This will allow on-reserve schools to have a system that
is comparable to schools located off-reserve.
The funding methodology will be developed in consultation
with First Nations so that the formula then will be adapted
for specific needs. As I said before, it will provide stable
funding to allow long-term planning.
The third recommendation is the joint development of a
Canada-First Nation action plan for educational reform,
which will include a timeline, agreed upon by both parties,
and will allow for the opting in.
Some of the First Nations that we visited were in good
shape. In Nova Scotia we visited several Mi'kmaq schools,
and their graduation rates were the opposite to the rest of
Canada. They were graduating about 70 per cent of their
Aboriginal students from high school, where the rest of
Canada was failing about 70 per cent. They were coming along
nicely, but they were having difficulty because the
mechanism of funding did not allow them to develop First
Nation curriculum or language instruction.
The fourth recommendation is developing a joint task
force to oversee development of educational reform and to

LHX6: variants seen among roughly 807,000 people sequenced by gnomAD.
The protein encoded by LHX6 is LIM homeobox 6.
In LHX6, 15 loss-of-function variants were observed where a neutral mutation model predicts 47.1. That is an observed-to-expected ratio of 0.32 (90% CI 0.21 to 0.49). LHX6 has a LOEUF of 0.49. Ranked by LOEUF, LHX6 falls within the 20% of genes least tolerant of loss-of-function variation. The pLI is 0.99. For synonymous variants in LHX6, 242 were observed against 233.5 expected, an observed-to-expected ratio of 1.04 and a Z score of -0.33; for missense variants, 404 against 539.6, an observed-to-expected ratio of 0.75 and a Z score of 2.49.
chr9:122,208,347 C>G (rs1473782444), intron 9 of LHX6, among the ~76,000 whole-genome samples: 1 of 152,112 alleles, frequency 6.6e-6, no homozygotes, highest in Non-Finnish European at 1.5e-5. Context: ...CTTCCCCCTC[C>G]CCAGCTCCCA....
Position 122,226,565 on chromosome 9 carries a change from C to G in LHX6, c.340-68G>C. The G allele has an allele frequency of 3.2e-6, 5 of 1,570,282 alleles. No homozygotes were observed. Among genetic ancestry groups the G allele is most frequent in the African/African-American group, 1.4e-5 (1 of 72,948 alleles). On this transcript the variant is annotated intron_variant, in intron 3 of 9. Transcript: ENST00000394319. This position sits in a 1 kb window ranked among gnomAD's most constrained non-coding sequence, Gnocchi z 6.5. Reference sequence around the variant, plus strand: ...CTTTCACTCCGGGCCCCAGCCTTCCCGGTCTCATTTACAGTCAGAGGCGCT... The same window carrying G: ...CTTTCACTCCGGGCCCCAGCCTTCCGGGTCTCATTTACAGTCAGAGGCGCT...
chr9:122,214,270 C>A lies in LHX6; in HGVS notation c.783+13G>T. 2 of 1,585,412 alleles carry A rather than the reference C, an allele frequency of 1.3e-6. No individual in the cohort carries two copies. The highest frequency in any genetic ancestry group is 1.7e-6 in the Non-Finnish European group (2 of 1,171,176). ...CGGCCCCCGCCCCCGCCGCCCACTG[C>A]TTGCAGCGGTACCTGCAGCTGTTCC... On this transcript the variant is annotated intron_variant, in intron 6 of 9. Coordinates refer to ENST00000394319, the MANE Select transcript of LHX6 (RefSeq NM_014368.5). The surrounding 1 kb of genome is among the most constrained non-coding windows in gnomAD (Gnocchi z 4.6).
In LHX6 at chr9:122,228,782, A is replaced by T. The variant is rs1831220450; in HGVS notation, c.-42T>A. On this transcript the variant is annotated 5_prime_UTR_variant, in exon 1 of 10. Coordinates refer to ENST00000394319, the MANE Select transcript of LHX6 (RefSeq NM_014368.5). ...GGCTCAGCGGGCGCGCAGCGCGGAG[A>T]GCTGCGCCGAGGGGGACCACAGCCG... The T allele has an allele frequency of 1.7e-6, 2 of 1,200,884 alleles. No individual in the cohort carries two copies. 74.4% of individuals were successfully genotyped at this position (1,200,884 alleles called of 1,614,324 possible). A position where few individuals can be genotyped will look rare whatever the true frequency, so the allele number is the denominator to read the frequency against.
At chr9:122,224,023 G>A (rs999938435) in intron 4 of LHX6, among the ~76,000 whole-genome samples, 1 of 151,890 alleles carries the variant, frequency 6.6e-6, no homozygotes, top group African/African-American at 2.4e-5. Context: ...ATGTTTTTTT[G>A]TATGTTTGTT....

monitor progress. It calls for an annual review for five
years, reporting to Aboriginal Affairs and Northern
Development and to the National Chief of the Assembly of
This joint task force is a critical component because it
means that we are keeping tabs on what is happening. It will
allow this process to proceed; it will be monitored, so,
hopefully, the report will not sit on the shelf because they
will have to report back to say what is happening, and let
us move this thing along.
I would like to put our report into a bit of context. I
know many other honourable senators are engaged in the
concept of equality of education. In my office, I have
stacks and stacks of reports on Aboriginal education, most
of which talk about the gaps in educational attainment. They
have studied to death what the problem is, but few have come
up with any solutions. I think our committee, working
together as well as we have, has come up with a solution
that, as I said, is in the space-age era.
Some Hon. Senators: Hear, hear!
Senator Dyck: When the Auditor General was at the
committee the other night, he also indicated that we need
the structures in place. We need statutory-based funding for
education, for drinking water and so on. Stable funding must
be there. That echoes what the Auditor General said.
As I mentioned, the high school graduation rates within
the Aboriginal communities across the country, for the most
part, are bad. It is critical that we address this issue
because, as we know, we have a rapidly growing Aboriginal
population. I call it the "brown baby boom." With the "brown
baby boom," we have this young group that is going to school
now. If we do not give them a decent education, they are
doomed to failure. They will end up in the prison systems.
They will be working the streets. It is imperative that we
start now because 50 per cent of the Aboriginal population